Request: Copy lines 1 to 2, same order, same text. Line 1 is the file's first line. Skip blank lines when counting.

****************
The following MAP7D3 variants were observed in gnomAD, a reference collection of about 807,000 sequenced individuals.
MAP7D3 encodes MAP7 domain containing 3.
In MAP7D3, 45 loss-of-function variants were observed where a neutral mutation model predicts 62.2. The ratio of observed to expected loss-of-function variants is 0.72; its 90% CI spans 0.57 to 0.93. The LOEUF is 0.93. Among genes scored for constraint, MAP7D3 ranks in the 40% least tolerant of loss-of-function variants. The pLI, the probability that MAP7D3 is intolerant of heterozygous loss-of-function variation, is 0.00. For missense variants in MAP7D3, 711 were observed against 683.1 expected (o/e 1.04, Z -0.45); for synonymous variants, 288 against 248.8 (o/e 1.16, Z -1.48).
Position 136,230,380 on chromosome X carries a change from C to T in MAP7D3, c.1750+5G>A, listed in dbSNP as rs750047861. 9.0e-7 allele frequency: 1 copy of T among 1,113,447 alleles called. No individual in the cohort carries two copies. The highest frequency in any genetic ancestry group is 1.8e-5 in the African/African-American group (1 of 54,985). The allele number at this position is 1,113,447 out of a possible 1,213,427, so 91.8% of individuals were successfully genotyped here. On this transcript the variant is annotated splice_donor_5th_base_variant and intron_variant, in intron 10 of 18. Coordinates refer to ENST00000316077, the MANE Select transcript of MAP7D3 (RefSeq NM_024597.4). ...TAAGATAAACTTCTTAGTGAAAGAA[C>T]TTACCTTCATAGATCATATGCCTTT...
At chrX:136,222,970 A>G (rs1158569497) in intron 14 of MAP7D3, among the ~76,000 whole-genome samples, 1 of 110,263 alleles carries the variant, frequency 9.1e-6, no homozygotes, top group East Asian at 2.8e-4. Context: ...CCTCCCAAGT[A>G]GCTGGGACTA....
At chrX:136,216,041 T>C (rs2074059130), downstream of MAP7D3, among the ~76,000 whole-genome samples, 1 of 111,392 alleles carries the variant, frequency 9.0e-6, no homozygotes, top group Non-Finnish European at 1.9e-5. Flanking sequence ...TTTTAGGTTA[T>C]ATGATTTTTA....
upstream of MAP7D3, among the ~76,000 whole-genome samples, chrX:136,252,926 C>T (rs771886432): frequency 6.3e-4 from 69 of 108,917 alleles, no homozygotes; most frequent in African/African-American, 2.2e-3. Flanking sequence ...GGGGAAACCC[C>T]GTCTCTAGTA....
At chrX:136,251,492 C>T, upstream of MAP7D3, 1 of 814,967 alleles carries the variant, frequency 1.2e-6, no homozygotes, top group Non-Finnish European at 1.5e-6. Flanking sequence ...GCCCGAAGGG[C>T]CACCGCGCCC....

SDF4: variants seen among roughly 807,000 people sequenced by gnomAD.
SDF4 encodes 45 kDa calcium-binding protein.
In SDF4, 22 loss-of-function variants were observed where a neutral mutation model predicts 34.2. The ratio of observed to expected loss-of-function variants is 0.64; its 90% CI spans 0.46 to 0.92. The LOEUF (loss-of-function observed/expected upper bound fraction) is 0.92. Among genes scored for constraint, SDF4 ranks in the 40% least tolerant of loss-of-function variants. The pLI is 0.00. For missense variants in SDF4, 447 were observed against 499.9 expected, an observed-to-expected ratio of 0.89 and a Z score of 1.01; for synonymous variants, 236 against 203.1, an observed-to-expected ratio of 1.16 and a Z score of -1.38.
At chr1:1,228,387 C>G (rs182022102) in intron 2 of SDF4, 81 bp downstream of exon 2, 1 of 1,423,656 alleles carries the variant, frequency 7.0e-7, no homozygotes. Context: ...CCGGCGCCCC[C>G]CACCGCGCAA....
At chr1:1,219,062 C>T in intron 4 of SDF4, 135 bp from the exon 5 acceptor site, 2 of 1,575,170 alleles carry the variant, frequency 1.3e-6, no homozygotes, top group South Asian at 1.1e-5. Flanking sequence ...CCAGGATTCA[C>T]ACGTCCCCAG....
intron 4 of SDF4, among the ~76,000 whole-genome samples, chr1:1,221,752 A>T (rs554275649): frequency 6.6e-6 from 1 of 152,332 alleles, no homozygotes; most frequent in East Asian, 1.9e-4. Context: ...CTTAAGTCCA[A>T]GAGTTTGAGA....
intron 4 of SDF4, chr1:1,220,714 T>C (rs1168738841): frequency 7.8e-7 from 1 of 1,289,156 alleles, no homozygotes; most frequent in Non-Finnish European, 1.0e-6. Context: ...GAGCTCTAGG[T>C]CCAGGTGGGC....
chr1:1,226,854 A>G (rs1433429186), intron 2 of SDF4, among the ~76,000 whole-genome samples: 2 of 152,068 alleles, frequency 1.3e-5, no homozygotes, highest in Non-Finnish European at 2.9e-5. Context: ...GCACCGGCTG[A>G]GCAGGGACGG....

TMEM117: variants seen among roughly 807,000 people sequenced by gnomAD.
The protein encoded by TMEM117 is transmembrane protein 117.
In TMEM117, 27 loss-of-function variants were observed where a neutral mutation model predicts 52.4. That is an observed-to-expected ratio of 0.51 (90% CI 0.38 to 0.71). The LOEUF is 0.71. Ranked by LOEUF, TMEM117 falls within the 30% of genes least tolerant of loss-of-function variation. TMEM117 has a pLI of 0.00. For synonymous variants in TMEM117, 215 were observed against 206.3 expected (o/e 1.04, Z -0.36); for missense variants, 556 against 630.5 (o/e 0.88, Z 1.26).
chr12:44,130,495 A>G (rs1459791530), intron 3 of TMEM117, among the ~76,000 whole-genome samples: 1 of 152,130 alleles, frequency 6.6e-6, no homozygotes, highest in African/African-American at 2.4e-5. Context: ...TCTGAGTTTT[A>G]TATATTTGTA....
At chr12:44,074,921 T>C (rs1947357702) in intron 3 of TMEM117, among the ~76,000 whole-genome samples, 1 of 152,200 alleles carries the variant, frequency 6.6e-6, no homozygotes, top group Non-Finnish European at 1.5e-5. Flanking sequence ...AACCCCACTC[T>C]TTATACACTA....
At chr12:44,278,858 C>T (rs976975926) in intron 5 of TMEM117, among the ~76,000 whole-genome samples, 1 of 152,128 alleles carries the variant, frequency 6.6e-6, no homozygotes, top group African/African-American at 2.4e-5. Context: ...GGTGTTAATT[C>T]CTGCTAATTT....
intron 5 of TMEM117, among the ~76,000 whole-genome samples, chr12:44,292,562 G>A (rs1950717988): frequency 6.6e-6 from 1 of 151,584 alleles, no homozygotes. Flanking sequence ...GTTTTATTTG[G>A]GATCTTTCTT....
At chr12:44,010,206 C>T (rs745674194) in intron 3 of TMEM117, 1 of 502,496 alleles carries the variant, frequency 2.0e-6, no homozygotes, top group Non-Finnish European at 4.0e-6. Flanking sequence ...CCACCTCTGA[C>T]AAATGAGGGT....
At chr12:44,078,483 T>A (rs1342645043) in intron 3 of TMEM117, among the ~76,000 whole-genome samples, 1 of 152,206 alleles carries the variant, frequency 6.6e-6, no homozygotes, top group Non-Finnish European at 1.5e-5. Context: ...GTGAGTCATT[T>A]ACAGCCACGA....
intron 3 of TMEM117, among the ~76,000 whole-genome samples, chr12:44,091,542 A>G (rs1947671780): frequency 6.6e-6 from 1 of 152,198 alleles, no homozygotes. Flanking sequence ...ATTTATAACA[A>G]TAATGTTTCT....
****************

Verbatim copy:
The following MAP7D3 variants were observed in gnomAD, a reference collection of about 807,000 sequenced individuals.
MAP7D3 encodes MAP7 domain containing 3.